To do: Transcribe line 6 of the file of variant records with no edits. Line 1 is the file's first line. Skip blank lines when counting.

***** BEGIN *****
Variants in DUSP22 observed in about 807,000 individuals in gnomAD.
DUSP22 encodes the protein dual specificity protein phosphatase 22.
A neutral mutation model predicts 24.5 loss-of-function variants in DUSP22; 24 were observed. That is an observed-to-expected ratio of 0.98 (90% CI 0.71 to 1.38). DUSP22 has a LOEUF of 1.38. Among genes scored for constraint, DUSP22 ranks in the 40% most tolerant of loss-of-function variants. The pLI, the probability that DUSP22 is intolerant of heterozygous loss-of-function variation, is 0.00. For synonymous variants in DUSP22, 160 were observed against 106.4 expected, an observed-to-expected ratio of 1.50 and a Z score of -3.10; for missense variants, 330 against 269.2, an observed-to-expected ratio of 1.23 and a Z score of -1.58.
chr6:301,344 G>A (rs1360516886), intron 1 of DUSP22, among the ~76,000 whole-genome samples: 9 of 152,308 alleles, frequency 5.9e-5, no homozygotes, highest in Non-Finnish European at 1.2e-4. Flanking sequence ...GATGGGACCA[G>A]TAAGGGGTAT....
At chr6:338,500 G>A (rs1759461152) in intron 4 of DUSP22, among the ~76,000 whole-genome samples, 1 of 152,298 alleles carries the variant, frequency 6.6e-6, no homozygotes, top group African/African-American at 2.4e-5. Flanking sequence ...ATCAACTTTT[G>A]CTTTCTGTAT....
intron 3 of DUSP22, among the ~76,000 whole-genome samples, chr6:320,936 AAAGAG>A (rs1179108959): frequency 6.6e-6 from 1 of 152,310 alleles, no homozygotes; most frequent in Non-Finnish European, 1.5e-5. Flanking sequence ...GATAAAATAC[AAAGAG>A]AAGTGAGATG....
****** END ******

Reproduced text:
intron 3 of DUSP22, among the ~76,000 whole-genome samples, chr6:320,936 AAAGAG>A (rs1179108959): frequency 6.6e-6 from 1 of 152,310 alleles, no homozygotes; most frequent in Non-Finnish European, 1.5e-5. Flanking sequence ...GATAAAATAC[AAAGAG>A]AAGTGAGATG....